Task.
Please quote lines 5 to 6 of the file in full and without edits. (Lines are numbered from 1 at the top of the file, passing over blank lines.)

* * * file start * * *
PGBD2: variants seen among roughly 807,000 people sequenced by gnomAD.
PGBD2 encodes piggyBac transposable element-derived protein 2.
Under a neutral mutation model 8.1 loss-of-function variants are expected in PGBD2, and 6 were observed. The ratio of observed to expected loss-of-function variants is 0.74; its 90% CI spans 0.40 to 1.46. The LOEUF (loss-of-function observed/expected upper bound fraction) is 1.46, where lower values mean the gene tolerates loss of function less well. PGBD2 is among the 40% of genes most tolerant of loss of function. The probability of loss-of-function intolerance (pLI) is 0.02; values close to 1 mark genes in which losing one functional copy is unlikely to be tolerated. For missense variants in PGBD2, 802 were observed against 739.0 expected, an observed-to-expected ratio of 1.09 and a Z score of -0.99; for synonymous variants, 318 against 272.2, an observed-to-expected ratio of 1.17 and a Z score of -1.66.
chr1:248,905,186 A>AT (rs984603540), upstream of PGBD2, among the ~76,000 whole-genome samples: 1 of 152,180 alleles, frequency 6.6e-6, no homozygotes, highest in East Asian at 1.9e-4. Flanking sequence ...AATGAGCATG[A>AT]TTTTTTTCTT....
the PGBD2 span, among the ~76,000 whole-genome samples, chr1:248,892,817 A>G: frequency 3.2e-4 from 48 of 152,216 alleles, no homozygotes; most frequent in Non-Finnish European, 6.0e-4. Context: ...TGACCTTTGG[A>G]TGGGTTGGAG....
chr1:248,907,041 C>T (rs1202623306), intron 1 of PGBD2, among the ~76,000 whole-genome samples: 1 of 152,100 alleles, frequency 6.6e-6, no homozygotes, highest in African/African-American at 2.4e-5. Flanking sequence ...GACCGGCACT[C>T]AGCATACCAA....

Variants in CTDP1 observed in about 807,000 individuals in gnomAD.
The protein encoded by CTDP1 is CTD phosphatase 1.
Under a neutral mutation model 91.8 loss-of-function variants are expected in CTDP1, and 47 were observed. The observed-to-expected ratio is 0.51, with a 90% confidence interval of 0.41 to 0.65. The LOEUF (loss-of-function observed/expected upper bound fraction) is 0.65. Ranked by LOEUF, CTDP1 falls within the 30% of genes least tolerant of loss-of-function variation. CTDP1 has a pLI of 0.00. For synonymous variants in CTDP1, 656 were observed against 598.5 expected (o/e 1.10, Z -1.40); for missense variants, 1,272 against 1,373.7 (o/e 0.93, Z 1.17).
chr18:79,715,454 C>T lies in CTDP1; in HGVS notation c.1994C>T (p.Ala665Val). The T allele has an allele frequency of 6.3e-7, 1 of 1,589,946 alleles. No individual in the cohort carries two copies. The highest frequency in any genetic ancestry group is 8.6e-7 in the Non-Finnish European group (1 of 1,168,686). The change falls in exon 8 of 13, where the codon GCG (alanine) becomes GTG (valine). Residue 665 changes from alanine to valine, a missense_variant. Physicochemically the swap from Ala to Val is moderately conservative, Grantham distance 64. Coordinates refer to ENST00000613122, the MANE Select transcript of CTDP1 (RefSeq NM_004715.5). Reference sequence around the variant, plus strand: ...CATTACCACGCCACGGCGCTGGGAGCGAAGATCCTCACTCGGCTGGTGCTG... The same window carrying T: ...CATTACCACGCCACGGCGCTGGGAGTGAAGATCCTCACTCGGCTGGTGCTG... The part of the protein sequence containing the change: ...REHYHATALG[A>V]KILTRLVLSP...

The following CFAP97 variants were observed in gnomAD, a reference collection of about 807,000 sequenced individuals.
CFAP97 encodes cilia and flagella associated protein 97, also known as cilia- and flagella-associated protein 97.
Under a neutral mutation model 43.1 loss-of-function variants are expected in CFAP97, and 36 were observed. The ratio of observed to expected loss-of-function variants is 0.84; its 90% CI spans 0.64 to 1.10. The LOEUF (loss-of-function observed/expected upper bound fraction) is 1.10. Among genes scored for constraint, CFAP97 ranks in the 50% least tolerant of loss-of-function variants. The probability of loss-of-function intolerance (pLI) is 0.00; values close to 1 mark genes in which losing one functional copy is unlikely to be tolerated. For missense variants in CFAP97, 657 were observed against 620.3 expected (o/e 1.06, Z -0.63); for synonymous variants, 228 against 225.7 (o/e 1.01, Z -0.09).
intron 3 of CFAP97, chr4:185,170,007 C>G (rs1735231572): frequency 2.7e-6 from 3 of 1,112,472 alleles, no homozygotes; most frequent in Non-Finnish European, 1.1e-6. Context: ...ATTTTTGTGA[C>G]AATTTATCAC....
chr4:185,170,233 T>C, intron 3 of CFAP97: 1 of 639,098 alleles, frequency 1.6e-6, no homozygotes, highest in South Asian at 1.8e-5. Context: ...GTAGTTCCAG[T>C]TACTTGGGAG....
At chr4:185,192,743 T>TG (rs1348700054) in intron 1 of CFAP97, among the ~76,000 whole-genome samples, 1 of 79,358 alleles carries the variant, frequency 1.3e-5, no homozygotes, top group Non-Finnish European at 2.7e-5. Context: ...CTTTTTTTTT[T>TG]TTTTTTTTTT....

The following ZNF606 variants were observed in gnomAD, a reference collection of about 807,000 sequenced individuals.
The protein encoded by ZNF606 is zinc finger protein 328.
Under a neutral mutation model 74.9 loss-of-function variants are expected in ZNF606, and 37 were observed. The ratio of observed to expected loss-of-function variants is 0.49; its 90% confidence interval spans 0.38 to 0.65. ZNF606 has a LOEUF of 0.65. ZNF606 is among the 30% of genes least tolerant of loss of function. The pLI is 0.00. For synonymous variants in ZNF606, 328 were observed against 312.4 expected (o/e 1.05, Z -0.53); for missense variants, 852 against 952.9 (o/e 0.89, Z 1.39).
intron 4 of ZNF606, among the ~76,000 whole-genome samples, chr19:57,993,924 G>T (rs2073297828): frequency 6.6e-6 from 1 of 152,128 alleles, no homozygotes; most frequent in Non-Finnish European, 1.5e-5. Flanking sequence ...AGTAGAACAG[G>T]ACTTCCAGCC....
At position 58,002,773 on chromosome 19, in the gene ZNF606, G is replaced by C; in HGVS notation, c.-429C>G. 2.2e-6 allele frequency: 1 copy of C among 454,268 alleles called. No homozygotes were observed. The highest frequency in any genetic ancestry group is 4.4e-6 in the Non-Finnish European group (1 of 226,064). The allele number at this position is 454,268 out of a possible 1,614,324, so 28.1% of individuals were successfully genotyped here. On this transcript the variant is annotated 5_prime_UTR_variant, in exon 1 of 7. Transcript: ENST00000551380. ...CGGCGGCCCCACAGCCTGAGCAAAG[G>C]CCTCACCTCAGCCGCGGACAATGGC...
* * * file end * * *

the PGBD2 span, among the ~76,000 whole-genome samples, chr1:248,892,817 A>G: frequency 3.2e-4 from 48 of 152,216 alleles, no homozygotes; most frequent in Non-Finnish European, 6.0e-4. Context: ...TGACCTTTGG[A>G]TGGGTTGGAG....
chr1:248,907,041 C>T (rs1202623306), intron 1 of PGBD2, among the ~76,000 whole-genome samples: 1 of 152,100 alleles, frequency 6.6e-6, no homozygotes, highest in African/African-American at 2.4e-5. Flanking sequence ...GACCGGCACT[C>T]AGCATACCAA....